Can US CEOs Be Persuaded To Stop Importing Unneeded Aliens?
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Paul Nachman, my fellow contributor, has thoughtfully brought to my attention the Jan/Feb 2012 Atlantic Magazine article, Making It in America, by Adam Davidson.

This article offers us superb reporting on the nuances of manufacturing and employment in America. And it supports the point of my last piece US Industry’s Automation Success Means Immigration Cuts More than Ever Practical—that rapid automation gives US businesses strong reasons not to insist on the massive importation of legal and illegal immigrants.

This and other recent MSM articles make my argument even stronger.

Immigration patriots must put this argument before corporate America.

The Atlantic article’s author, Adam Davidson, deftly tells the personal stories of who, in the emerging young labor force, will find longer-term employment—and who will not.

Most poignantly, he makes us look at a 22-year old manufacturing employee, an unwed South Carolina mother, Maddie, who is eager, bright, hopeful—and yet endangered by the future foreign competition. Lest we assume Maddie is employed by a heartless, faceless corporate monster, Davidson tells us her employer’s CEO, artfully limned as entirely human, compassionate, and competent, has been forced constantly to assess the off-shoring option in order to avoid bankruptcy—a condition which Standard Motor Products, a middle-sized aftermarket parts manufacturer and distributor, has faced a number of times.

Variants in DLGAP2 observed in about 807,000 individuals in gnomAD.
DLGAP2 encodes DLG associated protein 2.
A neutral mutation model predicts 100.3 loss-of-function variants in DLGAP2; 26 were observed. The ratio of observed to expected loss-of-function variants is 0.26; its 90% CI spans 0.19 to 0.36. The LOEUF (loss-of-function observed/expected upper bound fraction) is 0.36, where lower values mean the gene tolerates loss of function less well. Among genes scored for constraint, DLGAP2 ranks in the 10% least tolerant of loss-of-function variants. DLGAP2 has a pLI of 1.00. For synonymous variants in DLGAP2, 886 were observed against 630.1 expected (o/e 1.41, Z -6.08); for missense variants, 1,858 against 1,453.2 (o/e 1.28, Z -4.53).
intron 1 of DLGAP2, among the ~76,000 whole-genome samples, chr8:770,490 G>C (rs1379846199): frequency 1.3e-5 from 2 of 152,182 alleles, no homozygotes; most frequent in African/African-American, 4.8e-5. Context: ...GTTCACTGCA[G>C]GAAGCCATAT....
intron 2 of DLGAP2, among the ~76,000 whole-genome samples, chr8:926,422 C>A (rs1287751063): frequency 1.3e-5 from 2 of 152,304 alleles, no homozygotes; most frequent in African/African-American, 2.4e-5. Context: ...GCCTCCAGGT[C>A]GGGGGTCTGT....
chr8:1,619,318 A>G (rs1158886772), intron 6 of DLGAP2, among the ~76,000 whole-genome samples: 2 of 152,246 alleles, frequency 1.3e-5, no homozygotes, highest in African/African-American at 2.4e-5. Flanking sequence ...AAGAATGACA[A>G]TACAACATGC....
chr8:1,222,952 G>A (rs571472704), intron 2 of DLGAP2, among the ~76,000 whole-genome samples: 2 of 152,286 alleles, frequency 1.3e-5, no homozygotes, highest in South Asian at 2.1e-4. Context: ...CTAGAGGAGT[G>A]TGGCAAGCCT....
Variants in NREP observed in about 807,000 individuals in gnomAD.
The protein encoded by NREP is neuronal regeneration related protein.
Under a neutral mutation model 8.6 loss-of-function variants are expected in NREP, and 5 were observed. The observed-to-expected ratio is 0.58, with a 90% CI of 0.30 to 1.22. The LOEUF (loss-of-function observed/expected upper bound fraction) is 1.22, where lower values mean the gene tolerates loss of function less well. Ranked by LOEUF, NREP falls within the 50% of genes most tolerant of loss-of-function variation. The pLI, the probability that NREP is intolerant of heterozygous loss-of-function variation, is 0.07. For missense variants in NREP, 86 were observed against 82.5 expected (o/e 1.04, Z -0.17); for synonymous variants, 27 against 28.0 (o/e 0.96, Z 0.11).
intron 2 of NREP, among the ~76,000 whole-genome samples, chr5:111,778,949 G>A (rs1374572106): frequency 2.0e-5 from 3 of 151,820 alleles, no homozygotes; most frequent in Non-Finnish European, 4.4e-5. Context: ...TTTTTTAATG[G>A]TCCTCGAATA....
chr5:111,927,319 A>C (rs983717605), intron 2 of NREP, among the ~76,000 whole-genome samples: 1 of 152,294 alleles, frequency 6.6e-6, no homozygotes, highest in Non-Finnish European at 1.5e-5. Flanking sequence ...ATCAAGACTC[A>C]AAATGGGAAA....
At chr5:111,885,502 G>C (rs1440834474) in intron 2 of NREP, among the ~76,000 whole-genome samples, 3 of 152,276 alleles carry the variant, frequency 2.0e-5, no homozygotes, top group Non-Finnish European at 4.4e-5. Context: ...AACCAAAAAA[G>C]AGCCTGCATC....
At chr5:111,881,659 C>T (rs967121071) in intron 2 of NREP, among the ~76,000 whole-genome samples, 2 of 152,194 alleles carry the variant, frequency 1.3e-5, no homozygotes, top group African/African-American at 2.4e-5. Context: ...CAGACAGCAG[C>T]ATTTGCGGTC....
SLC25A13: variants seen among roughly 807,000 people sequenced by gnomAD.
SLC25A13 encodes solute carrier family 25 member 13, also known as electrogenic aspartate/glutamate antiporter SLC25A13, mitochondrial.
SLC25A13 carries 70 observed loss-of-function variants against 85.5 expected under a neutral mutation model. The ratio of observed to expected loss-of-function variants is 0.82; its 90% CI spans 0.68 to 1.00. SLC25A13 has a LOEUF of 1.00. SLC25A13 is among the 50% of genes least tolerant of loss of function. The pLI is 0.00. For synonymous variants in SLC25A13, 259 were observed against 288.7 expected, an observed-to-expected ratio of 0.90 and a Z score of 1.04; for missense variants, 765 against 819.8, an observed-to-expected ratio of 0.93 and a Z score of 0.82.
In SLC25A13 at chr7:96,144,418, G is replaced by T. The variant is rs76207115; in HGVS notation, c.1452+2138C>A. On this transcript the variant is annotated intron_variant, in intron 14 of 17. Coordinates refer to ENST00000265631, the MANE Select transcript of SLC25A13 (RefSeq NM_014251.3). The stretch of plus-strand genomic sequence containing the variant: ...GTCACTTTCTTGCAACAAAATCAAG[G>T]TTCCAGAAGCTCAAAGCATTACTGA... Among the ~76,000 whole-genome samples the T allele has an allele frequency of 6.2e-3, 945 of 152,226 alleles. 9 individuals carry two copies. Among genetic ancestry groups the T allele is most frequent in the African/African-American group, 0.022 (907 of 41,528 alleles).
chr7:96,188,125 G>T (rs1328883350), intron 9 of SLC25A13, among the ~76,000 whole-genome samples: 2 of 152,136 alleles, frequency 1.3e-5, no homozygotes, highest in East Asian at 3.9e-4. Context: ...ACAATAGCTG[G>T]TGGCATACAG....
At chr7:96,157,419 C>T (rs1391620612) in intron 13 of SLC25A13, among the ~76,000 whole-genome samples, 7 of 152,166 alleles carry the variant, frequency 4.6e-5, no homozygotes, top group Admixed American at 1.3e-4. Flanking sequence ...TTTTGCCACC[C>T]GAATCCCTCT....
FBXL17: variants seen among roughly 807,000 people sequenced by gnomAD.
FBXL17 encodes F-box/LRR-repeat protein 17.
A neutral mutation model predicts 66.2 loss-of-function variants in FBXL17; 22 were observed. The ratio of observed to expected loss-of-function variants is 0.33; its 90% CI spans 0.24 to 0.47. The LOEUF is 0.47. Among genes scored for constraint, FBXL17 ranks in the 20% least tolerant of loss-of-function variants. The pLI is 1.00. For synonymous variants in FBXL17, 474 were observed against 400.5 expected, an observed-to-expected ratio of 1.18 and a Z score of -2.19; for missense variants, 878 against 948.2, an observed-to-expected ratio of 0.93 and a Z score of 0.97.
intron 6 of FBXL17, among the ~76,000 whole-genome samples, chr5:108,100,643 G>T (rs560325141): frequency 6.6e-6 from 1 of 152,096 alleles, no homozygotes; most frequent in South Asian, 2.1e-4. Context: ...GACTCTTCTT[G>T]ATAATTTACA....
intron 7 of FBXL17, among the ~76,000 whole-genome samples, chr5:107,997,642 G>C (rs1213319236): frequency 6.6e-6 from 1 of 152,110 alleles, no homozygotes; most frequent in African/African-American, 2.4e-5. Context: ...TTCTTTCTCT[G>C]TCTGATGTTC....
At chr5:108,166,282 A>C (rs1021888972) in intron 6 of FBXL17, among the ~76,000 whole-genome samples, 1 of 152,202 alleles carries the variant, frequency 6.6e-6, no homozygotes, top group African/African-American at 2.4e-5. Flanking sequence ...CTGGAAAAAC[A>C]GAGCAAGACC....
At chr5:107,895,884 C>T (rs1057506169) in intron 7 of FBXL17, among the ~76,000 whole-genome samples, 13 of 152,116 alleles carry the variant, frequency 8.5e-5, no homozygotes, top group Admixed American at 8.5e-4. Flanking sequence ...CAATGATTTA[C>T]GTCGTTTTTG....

Davidson then gives us the story of another Standard worker: Luke. His tenure might last for his entire career, because he has acquired special skills. The firm’s high tech machines require him to be constantly alert to subtle changes to save incorrect machining of sensitive auto replacement parts.

Too bad that Atlantic’s Davidson, after setting up the clash between current reality and the immigration crisis, doesn’t call for patriotic immigration reform.

Silicon Valley has become obsessed with green-carding all foreign STEM graduates, but this has not caused it to stop its unnatural alliance with the Roman Catholic Church and the ethnic lobbies like LULAC and La Raza.

Powerful CEO voices such as that of the late Steve Jobs constantly claim that they must go overseas to manufacture such ubiquitous products as Apple’s iPhone. (See How the U.S. Lost Out on iPhone Work, by  Charles Duhigg and Keith Bradsher, New York Times, January 21, 2012)  

But even if this were true—Davidson’s Atlantic article suggests it is not—it should not be the basis for intellectually lazy policies like flooding America with broom sweepers and agricultural crop pickers who will be future drags on our general welfare.

The main points that patriotic immigration reformers need to stress:

  1. Stop the importation of unskilled aliens now. Start by making E-verify permanent.
  2. Be much more discriminating about the legal visas we do allow—the 100,000 legal aliens we allow monthly to gain employment here is criminally damaging to our unemployed.
  3. Realize that we can continue to automate and reduce employment needs.
  4. Keeping up this fallacious “Immigration  Overload” condition will result in pressure for higher taxes, more government bureaucracy,  the continued diminution of our civil rights, environmental damage,  and political instability.

My suggestion: a group of immigration reform patriots should gather to produce a “CEO Education Initiative”—which would produce a program composed of the most telling, honest and accurate reasons for changing CEO attitudes.

Collins, [email him], a free lance writer living in Washington, DC. , is CoChair of the National Advisory Board of the Federation for American Immigration Reform (FAIR). However, his views are his own.

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